Music through the lens: memories of the last two decades


The full exhibit for Leon Morris’ “Homage” can be seen until Sunday at the New Orleans Healing Center. 

Bess Turner, Staff Reporter

“As soon as I arrived here, I just immediately connected with the place,” award-winning photojournalist Leon Morris said. His book, “Homage,” which will be released shortly, contains 30 years of passionate music photography, including documentation of the 20 years surrounding Hurricane Katrina that he spent in New Orleans. The New Orleans Healing Center will also be hosting Morris’ work until the end of the month.

Morris grew up in Australia and started his photography career in London, where he contributed to publications such as “The Guardian” and “The Observer.” His deep love of music, however, soon drew him to New Orleans.

“I found it extraordinary in so many ways, the talent and extraordinary musicianship that is in this town,” Morris said. “All of a sudden the historical interest I had in music started to make a lot of sense.”

Morris traveled to New Orleans for the first time in 1994 on the recommendation of a colleague, unknowingly beginning an annual trip that would span decades. Morris now considers New Orleans his cultural anchor.

“Music has always been critically important in my life,” Morris said. “And being able to come back, at least on an annual basis, gave me a sort of central anchor point to allow me to live the rest of my life knowing that there was this constant sort of cultural connection that I could tap back into.”

In New Orleans, as in Australia, Morris brings with him a very particular style of photography. His ultimate goal, to remove the photographer from the work as much as possible, and to honestly display the point of view of the subject, has been showcased in photographs of subjects from Ray Charles to Dr. John.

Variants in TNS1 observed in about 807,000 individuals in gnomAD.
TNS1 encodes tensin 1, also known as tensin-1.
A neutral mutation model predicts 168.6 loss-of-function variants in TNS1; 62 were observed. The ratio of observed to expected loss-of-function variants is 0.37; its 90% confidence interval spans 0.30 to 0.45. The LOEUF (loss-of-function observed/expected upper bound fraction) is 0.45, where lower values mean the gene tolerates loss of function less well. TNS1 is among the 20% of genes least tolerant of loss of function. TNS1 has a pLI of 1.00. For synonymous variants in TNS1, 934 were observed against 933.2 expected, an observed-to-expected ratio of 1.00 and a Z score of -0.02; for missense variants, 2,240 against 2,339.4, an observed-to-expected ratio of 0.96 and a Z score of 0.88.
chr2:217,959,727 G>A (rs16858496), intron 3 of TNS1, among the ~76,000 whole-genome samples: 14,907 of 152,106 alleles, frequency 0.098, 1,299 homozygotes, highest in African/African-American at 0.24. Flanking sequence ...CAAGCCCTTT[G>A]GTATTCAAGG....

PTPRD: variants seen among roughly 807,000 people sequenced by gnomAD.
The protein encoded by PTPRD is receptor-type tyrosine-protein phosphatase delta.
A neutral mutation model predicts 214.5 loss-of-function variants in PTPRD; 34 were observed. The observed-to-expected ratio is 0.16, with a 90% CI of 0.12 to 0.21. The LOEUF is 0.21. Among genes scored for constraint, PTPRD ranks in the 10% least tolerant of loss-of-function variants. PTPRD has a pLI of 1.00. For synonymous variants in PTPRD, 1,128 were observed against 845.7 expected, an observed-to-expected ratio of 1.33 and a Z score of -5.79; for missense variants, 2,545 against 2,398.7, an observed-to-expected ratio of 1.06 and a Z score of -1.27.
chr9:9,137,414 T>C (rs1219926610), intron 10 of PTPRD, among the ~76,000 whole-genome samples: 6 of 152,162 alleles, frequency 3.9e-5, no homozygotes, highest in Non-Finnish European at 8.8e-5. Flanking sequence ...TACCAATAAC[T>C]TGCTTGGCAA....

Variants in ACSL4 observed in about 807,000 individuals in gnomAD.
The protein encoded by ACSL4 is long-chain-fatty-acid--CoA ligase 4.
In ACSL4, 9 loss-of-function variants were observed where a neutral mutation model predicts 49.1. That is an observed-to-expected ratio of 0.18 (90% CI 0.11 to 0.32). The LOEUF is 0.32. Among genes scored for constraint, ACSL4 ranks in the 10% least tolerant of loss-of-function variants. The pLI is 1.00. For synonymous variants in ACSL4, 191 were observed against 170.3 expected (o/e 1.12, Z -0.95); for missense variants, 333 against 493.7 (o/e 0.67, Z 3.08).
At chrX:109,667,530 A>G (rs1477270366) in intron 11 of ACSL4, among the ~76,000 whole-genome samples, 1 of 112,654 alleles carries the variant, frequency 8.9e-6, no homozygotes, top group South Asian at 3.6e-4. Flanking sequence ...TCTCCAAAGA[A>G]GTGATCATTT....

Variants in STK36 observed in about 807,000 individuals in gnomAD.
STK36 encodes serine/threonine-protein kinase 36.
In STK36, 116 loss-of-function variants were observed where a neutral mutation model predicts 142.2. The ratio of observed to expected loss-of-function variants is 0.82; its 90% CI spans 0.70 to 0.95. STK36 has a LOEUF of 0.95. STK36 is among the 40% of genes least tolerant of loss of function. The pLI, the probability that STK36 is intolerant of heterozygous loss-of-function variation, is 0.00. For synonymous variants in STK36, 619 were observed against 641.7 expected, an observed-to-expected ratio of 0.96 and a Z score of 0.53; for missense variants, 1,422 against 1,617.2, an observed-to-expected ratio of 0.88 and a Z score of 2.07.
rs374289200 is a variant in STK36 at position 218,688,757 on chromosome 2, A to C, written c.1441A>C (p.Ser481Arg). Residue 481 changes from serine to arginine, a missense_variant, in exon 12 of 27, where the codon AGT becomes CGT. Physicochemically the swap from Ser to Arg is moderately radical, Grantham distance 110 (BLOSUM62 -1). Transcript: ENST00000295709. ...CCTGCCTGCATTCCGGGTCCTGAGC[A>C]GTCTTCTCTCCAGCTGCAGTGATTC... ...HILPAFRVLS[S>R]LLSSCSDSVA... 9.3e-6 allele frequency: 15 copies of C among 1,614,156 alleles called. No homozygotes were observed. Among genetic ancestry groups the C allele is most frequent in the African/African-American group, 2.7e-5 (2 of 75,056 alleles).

“It’s impossible to get rid of the relationship of the photographer and the subject,” Morris said. “As far as possible, my approach to photography is to reduce the distance between the subject and the photographer and to represent their views as honestly and as realistically as possible.”

Morris’ 30-year “Homage” project is a love letter to New Orleans music and culture. 

“Really that’s what it’s about to me, is trying to expose as many people as possible to the fact that New Orleans is this incredibly important part of our collective cultural history,” Morris said. “Being able to go back and explain that and be excited about it again and again and again is something that gives me a lot of joy.”

You can see “Homage New Orleans” until Sunday at the New Orleans Healing Center on St. Claude Avenue.

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